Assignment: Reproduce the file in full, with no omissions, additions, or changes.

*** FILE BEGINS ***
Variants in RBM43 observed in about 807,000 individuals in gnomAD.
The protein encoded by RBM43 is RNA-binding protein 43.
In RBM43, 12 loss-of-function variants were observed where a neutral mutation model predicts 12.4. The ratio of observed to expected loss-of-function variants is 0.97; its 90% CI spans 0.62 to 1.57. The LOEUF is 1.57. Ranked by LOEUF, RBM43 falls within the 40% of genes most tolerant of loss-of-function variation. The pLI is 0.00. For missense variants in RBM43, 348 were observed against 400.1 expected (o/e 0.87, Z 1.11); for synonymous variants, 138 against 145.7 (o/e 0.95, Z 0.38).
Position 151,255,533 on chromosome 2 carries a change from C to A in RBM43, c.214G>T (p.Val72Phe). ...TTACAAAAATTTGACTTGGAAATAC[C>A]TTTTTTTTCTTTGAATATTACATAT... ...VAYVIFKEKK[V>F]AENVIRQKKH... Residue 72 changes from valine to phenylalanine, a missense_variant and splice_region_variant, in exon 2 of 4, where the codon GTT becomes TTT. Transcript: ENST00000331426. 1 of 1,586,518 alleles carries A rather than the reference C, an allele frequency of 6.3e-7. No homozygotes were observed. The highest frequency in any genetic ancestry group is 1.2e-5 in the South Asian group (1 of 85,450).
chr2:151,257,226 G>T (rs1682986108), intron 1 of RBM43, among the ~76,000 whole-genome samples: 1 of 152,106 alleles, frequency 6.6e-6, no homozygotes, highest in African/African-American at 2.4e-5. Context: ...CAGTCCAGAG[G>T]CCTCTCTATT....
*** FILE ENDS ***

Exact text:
Variants in RBM43 observed in about 807,000 individuals in gnomAD.
The protein encoded by RBM43 is RNA-binding protein 43.
In RBM43, 12 loss-of-function variants were observed where a neutral mutation model predicts 12.4. The ratio of observed to expected loss-of-function variants is 0.97; its 90% CI spans 0.62 to 1.57. The LOEUF is 1.57. Ranked by LOEUF, RBM43 falls within the 40% of genes most tolerant of loss-of-function variation. The pLI is 0.00. For missense variants in RBM43, 348 were observed against 400.1 expected (o/e 0.87, Z 1.11); for synonymous variants, 138 against 145.7 (o/e 0.95, Z 0.38).
Position 151,255,533 on chromosome 2 carries a change from C to A in RBM43, c.214G>T (p.Val72Phe). ...TTACAAAAATTTGACTTGGAAATAC[C>A]TTTTTTTTCTTTGAATATTACATAT... ...VAYVIFKEKK[V>F]AENVIRQKKH... Residue 72 changes from valine to phenylalanine, a missense_variant and splice_region_variant, in exon 2 of 4, where the codon GTT becomes TTT. Transcript: ENST00000331426. 1 of 1,586,518 alleles carries A rather than the reference C, an allele frequency of 6.3e-7. No homozygotes were observed. The highest frequency in any genetic ancestry group is 1.2e-5 in the South Asian group (1 of 85,450).
chr2:151,257,226 G>T (rs1682986108), intron 1 of RBM43, among the ~76,000 whole-genome samples: 1 of 152,106 alleles, frequency 6.6e-6, no homozygotes, highest in African/African-American at 2.4e-5. Context: ...CAGTCCAGAG[G>T]CCTCTCTATT....